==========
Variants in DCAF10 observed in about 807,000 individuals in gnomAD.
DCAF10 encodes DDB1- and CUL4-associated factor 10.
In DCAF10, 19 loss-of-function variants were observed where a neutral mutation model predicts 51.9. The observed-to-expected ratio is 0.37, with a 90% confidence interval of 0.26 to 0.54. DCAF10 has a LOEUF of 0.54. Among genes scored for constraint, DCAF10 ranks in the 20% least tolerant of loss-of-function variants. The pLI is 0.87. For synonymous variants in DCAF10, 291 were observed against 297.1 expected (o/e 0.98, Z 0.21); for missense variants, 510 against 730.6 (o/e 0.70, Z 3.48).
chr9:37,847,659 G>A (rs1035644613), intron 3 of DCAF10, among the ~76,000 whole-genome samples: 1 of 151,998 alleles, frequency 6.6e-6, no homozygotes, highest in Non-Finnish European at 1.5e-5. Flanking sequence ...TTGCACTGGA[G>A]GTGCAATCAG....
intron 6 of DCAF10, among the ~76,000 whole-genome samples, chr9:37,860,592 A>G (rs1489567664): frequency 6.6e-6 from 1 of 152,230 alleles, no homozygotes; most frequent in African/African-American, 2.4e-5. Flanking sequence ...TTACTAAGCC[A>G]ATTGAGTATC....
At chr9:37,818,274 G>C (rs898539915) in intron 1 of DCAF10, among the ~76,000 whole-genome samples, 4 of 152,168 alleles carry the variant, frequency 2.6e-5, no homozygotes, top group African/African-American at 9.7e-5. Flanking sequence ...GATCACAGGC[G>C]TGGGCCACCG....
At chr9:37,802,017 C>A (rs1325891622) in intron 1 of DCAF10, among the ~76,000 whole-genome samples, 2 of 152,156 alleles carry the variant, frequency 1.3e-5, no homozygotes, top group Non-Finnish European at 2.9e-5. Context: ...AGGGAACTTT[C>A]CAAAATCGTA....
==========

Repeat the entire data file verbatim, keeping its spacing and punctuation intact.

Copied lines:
Variants in DCAF10 observed in about 807,000 individuals in gnomAD.
DCAF10 encodes DDB1- and CUL4-associated factor 10.
In DCAF10, 19 loss-of-function variants were observed where a neutral mutation model predicts 51.9. The observed-to-expected ratio is 0.37, with a 90% confidence interval of 0.26 to 0.54. DCAF10 has a LOEUF of 0.54. Among genes scored for constraint, DCAF10 ranks in the 20% least tolerant of loss-of-function variants. The pLI is 0.87. For synonymous variants in DCAF10, 291 were observed against 297.1 expected (o/e 0.98, Z 0.21); for missense variants, 510 against 730.6 (o/e 0.70, Z 3.48).
chr9:37,847,659 G>A (rs1035644613), intron 3 of DCAF10, among the ~76,000 whole-genome samples: 1 of 151,998 alleles, frequency 6.6e-6, no homozygotes, highest in Non-Finnish European at 1.5e-5. Flanking sequence ...TTGCACTGGA[G>A]GTGCAATCAG....
intron 6 of DCAF10, among the ~76,000 whole-genome samples, chr9:37,860,592 A>G (rs1489567664): frequency 6.6e-6 from 1 of 152,230 alleles, no homozygotes; most frequent in African/African-American, 2.4e-5. Flanking sequence ...TTACTAAGCC[A>G]ATTGAGTATC....
At chr9:37,818,274 G>C (rs898539915) in intron 1 of DCAF10, among the ~76,000 whole-genome samples, 4 of 152,168 alleles carry the variant, frequency 2.6e-5, no homozygotes, top group African/African-American at 9.7e-5. Flanking sequence ...GATCACAGGC[G>C]TGGGCCACCG....
At chr9:37,802,017 C>A (rs1325891622) in intron 1 of DCAF10, among the ~76,000 whole-genome samples, 2 of 152,156 alleles carry the variant, frequency 1.3e-5, no homozygotes, top group Non-Finnish European at 2.9e-5. Context: ...AGGGAACTTT[C>A]CAAAATCGTA....